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I What exactly happens when the Schwarzschild radial r is...

  1. Mar 8, 2017 #1
    I know black holes are not that well understood but if someone can explain this I'd be grateful.

    Please correct me if I have anything wrong, I don't know much about this.

    The Schwarzschild solution of [​IMG] comes from the Einstein field equation [​IMG]

    I think I have that right. Now I don't understand any of that stuff and I'm not really interested in how it's solved but I did notice one thing that seems to suggest that actually dividing by 0 is in fact possible, in the right conditions.

    What exactly happens when the Schwarzschild radial [​IMG] is exactly 0? Dividing by 0 isn't allowed... Or is it?

    I'm still trying to wrap my head around the singularity, is it actually truly dimensionless and the radial is literally 0, or is it just incredibly close to 0?

    Or the more likely explanation is I'm an idiot and don't understand what I'm talking about
  2. jcsd
  3. Mar 8, 2017 #2


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    It is expected that general relativity cannot accurately describe what is going on "at the singularity" - and that this is not actually a singularity. We'll probably need a combination of GR with quantum field theory to solve this puzzle. We cannot observe it...
  4. Mar 17, 2017 #3
    This question is a little confusing. The Schwarzschild radius is actually very simple - it's just:


    And that just defines the event horizon.

    The equation you cited is called the Kretschmann scalar:

    K = [​IMG]

    Just to be clear, all non-rotating black hole singularities are considered to have zero radius, but most if not all black holes are rotating so they describe the singularity as a circular ring with zero volume. And like mfb said, this description is considered to be a placeholder: a black hole is a quantum object and until we have a quantum theory of gravity there's no way to know the precise nature of the singularity. I'd imagine that at the very least there's some "fuzziness" around the singularity because the position of anything at the quantum scale has some intrinsic level of uncertainly.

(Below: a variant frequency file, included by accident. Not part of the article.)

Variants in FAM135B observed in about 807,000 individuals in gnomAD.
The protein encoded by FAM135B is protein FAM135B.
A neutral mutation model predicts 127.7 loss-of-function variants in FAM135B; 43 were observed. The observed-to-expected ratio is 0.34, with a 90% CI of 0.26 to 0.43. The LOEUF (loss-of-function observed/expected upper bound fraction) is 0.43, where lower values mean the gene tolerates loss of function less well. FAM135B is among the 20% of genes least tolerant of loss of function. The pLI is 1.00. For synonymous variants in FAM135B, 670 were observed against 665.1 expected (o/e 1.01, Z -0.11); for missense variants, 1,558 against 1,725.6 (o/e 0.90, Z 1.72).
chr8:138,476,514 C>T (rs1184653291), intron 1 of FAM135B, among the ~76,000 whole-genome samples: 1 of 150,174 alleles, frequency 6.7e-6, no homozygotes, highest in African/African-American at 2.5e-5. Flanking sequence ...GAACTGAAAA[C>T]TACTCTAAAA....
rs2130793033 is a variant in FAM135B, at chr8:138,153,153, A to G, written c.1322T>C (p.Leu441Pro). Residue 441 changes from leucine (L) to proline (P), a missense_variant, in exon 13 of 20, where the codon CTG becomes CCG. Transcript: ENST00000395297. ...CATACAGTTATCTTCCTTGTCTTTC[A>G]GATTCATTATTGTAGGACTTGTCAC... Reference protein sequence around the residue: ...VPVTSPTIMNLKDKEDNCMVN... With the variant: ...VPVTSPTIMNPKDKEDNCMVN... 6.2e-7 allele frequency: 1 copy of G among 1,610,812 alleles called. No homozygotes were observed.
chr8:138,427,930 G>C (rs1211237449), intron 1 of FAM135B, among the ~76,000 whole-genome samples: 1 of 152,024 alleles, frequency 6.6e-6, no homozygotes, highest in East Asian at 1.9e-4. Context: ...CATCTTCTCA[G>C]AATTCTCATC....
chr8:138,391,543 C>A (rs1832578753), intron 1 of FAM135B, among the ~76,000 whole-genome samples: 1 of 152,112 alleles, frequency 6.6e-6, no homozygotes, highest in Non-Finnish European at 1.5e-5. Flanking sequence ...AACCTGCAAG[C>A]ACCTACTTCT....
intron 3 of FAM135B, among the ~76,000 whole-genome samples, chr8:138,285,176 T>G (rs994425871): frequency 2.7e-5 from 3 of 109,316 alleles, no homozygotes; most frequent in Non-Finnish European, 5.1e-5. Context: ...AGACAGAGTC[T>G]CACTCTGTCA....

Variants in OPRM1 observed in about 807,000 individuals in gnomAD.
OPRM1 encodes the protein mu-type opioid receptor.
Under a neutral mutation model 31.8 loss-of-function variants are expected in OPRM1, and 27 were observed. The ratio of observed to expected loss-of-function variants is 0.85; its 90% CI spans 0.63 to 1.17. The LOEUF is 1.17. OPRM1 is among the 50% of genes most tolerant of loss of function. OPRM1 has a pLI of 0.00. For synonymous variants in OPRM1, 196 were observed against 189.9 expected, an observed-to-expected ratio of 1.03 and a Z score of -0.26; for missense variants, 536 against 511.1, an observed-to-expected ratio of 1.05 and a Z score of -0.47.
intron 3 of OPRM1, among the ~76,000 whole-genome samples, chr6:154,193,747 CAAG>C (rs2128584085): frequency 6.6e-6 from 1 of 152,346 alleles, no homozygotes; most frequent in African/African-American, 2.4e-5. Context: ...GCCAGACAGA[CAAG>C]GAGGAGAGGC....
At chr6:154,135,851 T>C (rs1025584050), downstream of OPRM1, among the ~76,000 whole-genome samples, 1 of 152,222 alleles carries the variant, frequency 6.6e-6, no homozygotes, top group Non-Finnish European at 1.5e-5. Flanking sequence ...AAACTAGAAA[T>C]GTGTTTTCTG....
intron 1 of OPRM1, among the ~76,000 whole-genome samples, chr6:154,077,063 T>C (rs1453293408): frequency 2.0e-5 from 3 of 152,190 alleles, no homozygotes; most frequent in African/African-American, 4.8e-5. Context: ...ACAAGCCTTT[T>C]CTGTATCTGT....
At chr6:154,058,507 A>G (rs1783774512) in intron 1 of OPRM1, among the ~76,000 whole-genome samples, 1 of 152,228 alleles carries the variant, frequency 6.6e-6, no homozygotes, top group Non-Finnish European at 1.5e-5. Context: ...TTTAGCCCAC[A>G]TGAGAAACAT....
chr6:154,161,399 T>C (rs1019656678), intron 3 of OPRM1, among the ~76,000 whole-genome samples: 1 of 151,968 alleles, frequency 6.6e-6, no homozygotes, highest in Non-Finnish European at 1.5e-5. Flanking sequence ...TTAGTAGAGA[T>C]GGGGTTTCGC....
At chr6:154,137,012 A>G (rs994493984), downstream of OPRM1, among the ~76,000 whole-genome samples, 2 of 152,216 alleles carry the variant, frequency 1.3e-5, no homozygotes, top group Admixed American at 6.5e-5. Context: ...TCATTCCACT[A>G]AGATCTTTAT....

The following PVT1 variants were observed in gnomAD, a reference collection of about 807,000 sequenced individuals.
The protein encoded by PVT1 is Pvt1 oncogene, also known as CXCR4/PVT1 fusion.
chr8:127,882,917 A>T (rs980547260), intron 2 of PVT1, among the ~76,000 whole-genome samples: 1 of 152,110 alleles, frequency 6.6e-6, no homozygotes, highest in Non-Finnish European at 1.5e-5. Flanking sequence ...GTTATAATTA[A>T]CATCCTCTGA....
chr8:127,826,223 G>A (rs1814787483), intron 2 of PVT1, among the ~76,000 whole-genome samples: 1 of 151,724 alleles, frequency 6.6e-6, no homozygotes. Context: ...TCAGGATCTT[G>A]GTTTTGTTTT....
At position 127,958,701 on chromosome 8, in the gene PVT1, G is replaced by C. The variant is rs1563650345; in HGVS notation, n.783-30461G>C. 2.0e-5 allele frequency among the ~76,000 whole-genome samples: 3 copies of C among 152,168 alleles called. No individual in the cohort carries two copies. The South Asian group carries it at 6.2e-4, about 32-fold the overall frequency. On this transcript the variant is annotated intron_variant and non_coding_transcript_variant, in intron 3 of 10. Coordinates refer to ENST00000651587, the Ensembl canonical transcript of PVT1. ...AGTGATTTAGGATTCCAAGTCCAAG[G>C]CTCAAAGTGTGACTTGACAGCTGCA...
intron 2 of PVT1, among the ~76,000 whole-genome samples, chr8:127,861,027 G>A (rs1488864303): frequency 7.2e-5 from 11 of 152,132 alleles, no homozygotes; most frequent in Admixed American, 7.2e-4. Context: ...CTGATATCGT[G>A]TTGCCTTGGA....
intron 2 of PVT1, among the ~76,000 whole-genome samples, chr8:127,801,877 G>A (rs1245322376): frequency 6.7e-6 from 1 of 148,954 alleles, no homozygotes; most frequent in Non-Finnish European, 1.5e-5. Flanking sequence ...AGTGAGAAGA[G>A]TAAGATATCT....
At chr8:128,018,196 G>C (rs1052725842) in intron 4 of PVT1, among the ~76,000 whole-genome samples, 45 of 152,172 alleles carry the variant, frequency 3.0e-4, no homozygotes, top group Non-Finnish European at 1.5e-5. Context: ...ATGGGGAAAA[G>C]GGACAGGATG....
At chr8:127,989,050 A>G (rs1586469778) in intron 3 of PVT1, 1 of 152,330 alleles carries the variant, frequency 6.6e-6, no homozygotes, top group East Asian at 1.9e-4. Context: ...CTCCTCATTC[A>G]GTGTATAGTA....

The good news is that last year the Laser Interferometer Gravitational-wave Observatories (aka LIGO) picked up two signals of gravitational waves, generated by pairs of black holes coalescing into one, and the properties of that kind of signal can give us new insight into what's going on inside the event horizon of a black hole, because the "ringdown" of the collision will tell us something about the process of the two singularities merging. Perhaps sufficient improvements in our gravitational wave detectors will even help us arrive at a unified theory of gravitation and quantum mechanics.

    Even with the fairly low-resolution gravitational wave signals we have so far, there seem to be questions emerging about the GR model of black holes that not only pertain to the singularity, but perhaps to the event horizon as well:
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